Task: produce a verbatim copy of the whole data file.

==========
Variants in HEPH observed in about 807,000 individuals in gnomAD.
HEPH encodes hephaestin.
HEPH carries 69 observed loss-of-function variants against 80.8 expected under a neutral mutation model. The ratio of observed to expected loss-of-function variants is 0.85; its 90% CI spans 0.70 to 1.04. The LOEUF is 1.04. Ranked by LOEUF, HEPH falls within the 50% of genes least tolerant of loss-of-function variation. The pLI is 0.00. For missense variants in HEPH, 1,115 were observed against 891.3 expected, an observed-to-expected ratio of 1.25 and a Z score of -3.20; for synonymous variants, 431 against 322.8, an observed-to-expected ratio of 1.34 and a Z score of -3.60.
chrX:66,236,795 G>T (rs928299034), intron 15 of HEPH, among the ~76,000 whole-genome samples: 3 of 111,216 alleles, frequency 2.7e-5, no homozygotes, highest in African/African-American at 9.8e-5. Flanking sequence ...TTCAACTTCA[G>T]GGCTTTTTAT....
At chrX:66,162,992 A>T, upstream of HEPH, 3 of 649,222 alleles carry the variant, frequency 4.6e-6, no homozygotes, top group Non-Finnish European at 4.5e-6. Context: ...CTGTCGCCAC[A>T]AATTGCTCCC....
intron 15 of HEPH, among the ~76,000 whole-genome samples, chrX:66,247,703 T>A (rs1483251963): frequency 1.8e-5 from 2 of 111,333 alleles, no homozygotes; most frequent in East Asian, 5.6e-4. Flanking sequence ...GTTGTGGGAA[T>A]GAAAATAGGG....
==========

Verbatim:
Variants in HEPH observed in about 807,000 individuals in gnomAD.
HEPH encodes hephaestin.
HEPH carries 69 observed loss-of-function variants against 80.8 expected under a neutral mutation model. The ratio of observed to expected loss-of-function variants is 0.85; its 90% CI spans 0.70 to 1.04. The LOEUF is 1.04. Ranked by LOEUF, HEPH falls within the 50% of genes least tolerant of loss-of-function variation. The pLI is 0.00. For missense variants in HEPH, 1,115 were observed against 891.3 expected, an observed-to-expected ratio of 1.25 and a Z score of -3.20; for synonymous variants, 431 against 322.8, an observed-to-expected ratio of 1.34 and a Z score of -3.60.
chrX:66,236,795 G>T (rs928299034), intron 15 of HEPH, among the ~76,000 whole-genome samples: 3 of 111,216 alleles, frequency 2.7e-5, no homozygotes, highest in African/African-American at 9.8e-5. Flanking sequence ...TTCAACTTCA[G>T]GGCTTTTTAT....
At chrX:66,162,992 A>T, upstream of HEPH, 3 of 649,222 alleles carry the variant, frequency 4.6e-6, no homozygotes, top group Non-Finnish European at 4.5e-6. Context: ...CTGTCGCCAC[A>T]AATTGCTCCC....
intron 15 of HEPH, among the ~76,000 whole-genome samples, chrX:66,247,703 T>A (rs1483251963): frequency 1.8e-5 from 2 of 111,333 alleles, no homozygotes; most frequent in East Asian, 5.6e-4. Flanking sequence ...GTTGTGGGAA[T>A]GAAAATAGGG....